Category Archives: New Testament

Visiting Iznik (Nicea, Nicaea), Turkey – Part 8

In the vicinity of Iznik

In an earlier article we posted photos of Lake Ascania (Iznik Gölü) at the place where the first Ecumenical Council met. Nearby there is a beautiful view of a small lighthouse with the mountains of Bithynia in the distance.

Lighthouse in Lake Ascania at Iznik. Photo by Ferrell Jenkins.

Lighthouse in Lake Ascania at Iznik. Photo by Ferrell Jenkins.

About 3 miles north of Iznik where the Roman road to Nicomedia once ran, in an orchard of olive and fruit trees, there is a stone obelisk from the early second century A.D. The Iznik promotional brochure says,

Its inscription in Greek reveals that the obelisk was built by C. Cassius Philiscus in the 1st century. It rises over a rectangular prismatic pedestal, and includes five triangular prismatic stones one over the other.

The inscription on the first of the triangular prismatic stones is in poor condition. The second stone indicates that something was once attached to the obelisk. Some suggest that it was a life-size human figure. Wilson says the obelisk is 39 feet tall.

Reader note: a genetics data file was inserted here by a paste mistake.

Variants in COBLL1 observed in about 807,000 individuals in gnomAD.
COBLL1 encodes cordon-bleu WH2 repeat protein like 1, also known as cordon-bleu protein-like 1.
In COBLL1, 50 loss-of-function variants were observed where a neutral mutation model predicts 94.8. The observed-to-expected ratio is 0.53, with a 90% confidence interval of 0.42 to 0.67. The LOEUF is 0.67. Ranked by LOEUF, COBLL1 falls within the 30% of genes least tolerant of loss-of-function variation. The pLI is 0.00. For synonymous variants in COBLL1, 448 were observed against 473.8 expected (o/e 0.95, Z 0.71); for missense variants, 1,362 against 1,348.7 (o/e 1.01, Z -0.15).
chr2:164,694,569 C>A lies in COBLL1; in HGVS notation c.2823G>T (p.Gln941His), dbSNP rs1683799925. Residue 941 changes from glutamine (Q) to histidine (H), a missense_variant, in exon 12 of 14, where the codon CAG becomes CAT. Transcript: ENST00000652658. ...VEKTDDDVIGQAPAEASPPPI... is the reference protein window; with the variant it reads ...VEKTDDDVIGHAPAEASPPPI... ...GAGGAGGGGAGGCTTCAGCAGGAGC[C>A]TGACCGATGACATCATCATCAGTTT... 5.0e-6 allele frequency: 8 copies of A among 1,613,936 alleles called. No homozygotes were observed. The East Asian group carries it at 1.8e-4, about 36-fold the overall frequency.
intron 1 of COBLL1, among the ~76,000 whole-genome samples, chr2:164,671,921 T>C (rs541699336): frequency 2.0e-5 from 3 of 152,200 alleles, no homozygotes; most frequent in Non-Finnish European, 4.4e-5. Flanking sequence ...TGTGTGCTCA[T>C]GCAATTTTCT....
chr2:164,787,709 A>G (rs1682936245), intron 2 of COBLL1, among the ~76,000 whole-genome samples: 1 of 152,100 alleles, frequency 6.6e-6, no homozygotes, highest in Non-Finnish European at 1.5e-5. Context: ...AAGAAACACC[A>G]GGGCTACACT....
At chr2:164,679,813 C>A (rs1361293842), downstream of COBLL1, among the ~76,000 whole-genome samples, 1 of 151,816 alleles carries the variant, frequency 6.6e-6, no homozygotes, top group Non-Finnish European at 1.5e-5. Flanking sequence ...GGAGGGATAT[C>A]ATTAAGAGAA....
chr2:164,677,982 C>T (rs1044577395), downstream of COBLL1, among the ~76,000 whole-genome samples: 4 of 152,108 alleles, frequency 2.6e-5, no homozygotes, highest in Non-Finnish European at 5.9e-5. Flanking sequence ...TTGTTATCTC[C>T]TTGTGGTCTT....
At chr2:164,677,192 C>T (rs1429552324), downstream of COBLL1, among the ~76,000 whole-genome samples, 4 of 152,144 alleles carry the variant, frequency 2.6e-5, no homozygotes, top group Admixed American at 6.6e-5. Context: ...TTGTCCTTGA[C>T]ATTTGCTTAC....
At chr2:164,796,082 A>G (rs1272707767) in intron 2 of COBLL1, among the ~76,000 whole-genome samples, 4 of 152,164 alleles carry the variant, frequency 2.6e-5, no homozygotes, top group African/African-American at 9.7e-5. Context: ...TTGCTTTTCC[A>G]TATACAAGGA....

The stone obelisk on the road from Nicea to Nicomedia. Photo by Ferrell Jenkins.

The stone obelisk on the road from Nicea to Nicomedia. Photo by Ferrell Jenkins.

A sign at the site describes the monument in Turkish and English. I think you may agree with me that the last English sentence doesn’t make much sense.

The sign identifying the obelisk from the Roman period. Photo by Ferrell Jenkins.

The sign identifying the obelisk from the Roman period. Photo by Ferrell Jenkins.

Before closing this series I think a few words on the historical background of Iznik/Nicea are appropriate. We have frequently recommended Biblical Turkey by Mark Wilson as an excellent source for those who travel to Turkey. The following points are summarized from the second edition (pp. 371-2).

  • Antigonus founded the Hellenistic city of Antigonia here in 316 B.C.
  • Lysimachus captured the city in 301 B.C. and re-founded it, naming it after his first wife Nicea.
  • During the Roman period the city vied with Nicomedia for the distinction of being the principal city of Bithynia.
  • Augustus authorized a sanctuary of Roma and the deified Julius Caesar to be built at Nicea.

The bust of Lysimachus was photographed in the Ephesus Museum at Selçuk, Turkey, in 2008.